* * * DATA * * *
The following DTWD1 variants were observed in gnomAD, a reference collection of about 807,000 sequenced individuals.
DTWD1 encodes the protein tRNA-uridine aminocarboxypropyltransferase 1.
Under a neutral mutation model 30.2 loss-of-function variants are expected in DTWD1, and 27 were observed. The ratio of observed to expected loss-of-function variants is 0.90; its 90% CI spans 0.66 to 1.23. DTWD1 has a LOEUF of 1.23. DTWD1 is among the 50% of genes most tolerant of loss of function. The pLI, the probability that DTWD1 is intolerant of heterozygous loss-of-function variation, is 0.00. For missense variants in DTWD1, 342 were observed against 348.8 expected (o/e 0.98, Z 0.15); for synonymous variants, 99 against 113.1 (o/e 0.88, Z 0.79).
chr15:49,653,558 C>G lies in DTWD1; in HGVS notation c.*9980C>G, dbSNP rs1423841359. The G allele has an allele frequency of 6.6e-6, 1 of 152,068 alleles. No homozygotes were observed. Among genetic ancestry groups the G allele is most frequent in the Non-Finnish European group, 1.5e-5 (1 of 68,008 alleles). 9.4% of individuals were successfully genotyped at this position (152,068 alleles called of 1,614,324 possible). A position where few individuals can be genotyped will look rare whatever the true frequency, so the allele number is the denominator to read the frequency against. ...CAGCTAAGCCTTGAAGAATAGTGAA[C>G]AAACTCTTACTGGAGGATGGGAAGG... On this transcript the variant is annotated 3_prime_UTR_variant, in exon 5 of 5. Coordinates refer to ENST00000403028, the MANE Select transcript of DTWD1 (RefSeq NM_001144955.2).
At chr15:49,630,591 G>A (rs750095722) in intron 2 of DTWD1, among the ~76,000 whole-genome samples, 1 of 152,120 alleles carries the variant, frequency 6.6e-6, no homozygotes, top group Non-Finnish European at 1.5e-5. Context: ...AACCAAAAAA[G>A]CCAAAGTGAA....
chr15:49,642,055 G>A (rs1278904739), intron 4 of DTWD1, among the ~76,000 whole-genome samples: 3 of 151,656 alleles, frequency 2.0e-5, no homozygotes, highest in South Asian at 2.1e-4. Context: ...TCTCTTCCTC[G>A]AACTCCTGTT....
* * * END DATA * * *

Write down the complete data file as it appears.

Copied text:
The following DTWD1 variants were observed in gnomAD, a reference collection of about 807,000 sequenced individuals.
DTWD1 encodes the protein tRNA-uridine aminocarboxypropyltransferase 1.
Under a neutral mutation model 30.2 loss-of-function variants are expected in DTWD1, and 27 were observed. The ratio of observed to expected loss-of-function variants is 0.90; its 90% CI spans 0.66 to 1.23. DTWD1 has a LOEUF of 1.23. DTWD1 is among the 50% of genes most tolerant of loss of function. The pLI, the probability that DTWD1 is intolerant of heterozygous loss-of-function variation, is 0.00. For missense variants in DTWD1, 342 were observed against 348.8 expected (o/e 0.98, Z 0.15); for synonymous variants, 99 against 113.1 (o/e 0.88, Z 0.79).
chr15:49,653,558 C>G lies in DTWD1; in HGVS notation c.*9980C>G, dbSNP rs1423841359. The G allele has an allele frequency of 6.6e-6, 1 of 152,068 alleles. No homozygotes were observed. Among genetic ancestry groups the G allele is most frequent in the Non-Finnish European group, 1.5e-5 (1 of 68,008 alleles). 9.4% of individuals were successfully genotyped at this position (152,068 alleles called of 1,614,324 possible). A position where few individuals can be genotyped will look rare whatever the true frequency, so the allele number is the denominator to read the frequency against. ...CAGCTAAGCCTTGAAGAATAGTGAA[C>G]AAACTCTTACTGGAGGATGGGAAGG... On this transcript the variant is annotated 3_prime_UTR_variant, in exon 5 of 5. Coordinates refer to ENST00000403028, the MANE Select transcript of DTWD1 (RefSeq NM_001144955.2).
At chr15:49,630,591 G>A (rs750095722) in intron 2 of DTWD1, among the ~76,000 whole-genome samples, 1 of 152,120 alleles carries the variant, frequency 6.6e-6, no homozygotes, top group Non-Finnish European at 1.5e-5. Context: ...AACCAAAAAA[G>A]CCAAAGTGAA....
chr15:49,642,055 G>A (rs1278904739), intron 4 of DTWD1, among the ~76,000 whole-genome samples: 3 of 151,656 alleles, frequency 2.0e-5, no homozygotes, highest in South Asian at 2.1e-4. Context: ...TCTCTTCCTC[G>A]AACTCCTGTT....